Since the dissolution of the Soviet Union in 1991, Russia has been involved in territorial disputes with a number of other post-Soviet states. These disputes are primarily an aspect of the post-Soviet conflicts, and have led to some countries losing parts of their sovereign territory to what a large portion of the international community designates as a Russian military occupation. As such, these lands are commonly described as Russian-occupied territories, regardless of what their status is in Russian law. The term is applied to Georgia, Moldova, Ukraine and sometimes Chechnya.

    <span class="mw-page-title-main">Eastern Ukraine campaign</span> Ongoing military offensive in Ukraine

    Ukraine's easternmost oblasts, Donetsk, Luhansk, and Kharkiv, are the site of a theatre of operation in the ongoing Russian invasion of Ukraine.

    <span class="mw-page-title-main">Hero City of Ukraine</span> Honorary title for cities in Ukraine

    Hero City of Ukraine is a Ukrainian honorary title awarded for outstanding heroism during the 2022 Russian invasion of Ukraine. It was awarded to ten cities in March 2022, in addition to four already-named Hero Cities of the Soviet Union. This symbolic distinction for a city corresponds to the distinction of Hero of Ukraine awarded to individuals.

    Russian occupation of Ukraine may refer to:

    During the Russian invasion of Ukraine, Russia occupied vast portions of the territory of Ukraine, having already occupied parts of the Donetsk and Luhansk oblasts as well as the entire Autonomous Republic of Crimea since the beginning of the Russia-Ukraine war in 2014. Partisan groups began to be organized in mid-2022. These groups have been involved in intelligence-gathering, sabotage, and assassinations. Much of their activity has taken place in the Kherson and Zaporizhzhia regions.

    <span class="mw-page-title-main">Russian occupation of Zhytomyr Oblast</span> Military occupation by Russia

    The Russian occupation of Zhytomyr Oblast was a military occupation that began with the Russian invasion of Ukraine on 24 February 2022. The capital, Zhytomyr was never captured and was bombed in the 2022 Zhytomyr attacks. Small towns and settlements were however captured, in the north-west and north-central Korosten Raion, near the border with Kyiv Oblast.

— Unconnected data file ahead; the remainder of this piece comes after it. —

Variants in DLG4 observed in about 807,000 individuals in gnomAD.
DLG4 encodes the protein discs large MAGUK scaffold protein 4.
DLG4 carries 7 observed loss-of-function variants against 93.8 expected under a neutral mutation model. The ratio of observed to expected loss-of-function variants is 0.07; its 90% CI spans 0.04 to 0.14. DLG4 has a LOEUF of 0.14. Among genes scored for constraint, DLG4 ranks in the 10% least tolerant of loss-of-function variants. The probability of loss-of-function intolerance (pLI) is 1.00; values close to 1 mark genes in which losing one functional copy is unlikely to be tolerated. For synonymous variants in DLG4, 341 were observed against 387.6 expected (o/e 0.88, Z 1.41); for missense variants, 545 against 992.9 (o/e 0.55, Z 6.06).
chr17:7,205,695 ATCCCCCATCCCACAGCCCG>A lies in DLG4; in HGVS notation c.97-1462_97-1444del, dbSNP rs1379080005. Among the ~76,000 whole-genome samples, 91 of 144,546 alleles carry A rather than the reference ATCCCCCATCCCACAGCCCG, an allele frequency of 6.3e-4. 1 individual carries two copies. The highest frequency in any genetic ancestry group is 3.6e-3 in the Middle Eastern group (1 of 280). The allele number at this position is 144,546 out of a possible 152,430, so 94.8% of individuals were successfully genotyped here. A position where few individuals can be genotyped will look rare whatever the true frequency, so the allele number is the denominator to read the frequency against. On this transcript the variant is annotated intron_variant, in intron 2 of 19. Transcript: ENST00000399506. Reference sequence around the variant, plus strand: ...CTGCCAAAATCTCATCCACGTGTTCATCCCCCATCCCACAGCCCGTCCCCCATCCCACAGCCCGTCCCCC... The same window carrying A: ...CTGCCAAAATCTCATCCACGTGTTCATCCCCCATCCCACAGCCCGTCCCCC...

<span class="mw-page-title-main">Russian occupation of Chernihiv Oblast</span> Military occupation by Russia

    The Russian occupation of Chernihiv Oblast was a military occupation that began on 24 February 2022, the start of the Russian invasion of Ukraine. Steadily, Russian troops started capturing large parts of the Chernihiv Oblast to try to take the capital city of Ukraine, Kyiv. The capital city of the oblast, Chernihiv, was never captured. By 3 April, Russian forces left the oblast, ending the occupation.

    <span class="mw-page-title-main">Russian annexation of Donetsk, Kherson, Luhansk and Zaporizhzhia oblasts</span> 2022 annexation of an undefined area in Ukraine

    On 30 September 2022, Russia, amid an ongoing invasion of Ukraine, unilaterally declared its annexation of areas in and around four Ukrainian oblasts—Donetsk, Kherson, Luhansk and Zaporizhzhia. The boundaries of the areas to be annexed and their borders were not defined; Russian officials stated that they would be defined later. None of the oblasts were fully under Russian control at the time of the declaration, nor since. If limited to the areas then under Russian control the annexation would still be the largest in Europe since World War II.

    This timeline of the Russian invasion of Ukraine covers the period from 8 April 2022, when the area of heavy fighting shifted to the south and east of Ukraine, to 28 August 2022, the day before Ukraine announced the start of its Kherson counteroffensive.

    This is a list article about flags that have been used by pro-Russian separatists in Ukraine and in areas occupied by Russia and Russian-controlled forces during the Russo-Ukrainian War.

    <span class="mw-page-title-main">Russian occupation of Dnipropetrovsk and Poltava oblasts</span> Minor events during the Russian invasion of Ukraine

    The Russian occupation of Dnipropetrovsk and Poltava oblasts relate to how in the early phases of the Russian invasion of Ukraine, there were reported skirmishes between Russian and Ukrainian forces in southern Dnipropetrovsk Oblast and northern Poltava Oblast. This resulted in the military occupation of several small villages and towns, spilling over from much larger targets in Donetsk, Sumy, and Zaporizhzhia oblasts.



    1. Russian occupied airport in Crimea used as a military airbase.
    2. Used by Russia black sea fleet


    1. fairobserver. "After Two Years of War in Ukraine". fairobserver.
    2. "Oblast definition and meaning", Collins English Dictionary, archived from the original on 27 June 2019, retrieved 25 December 2022
    3. "What Is An Oblast?", World Atlas, 2017, archived from the original on 25 December 2022, retrieved 25 December 2022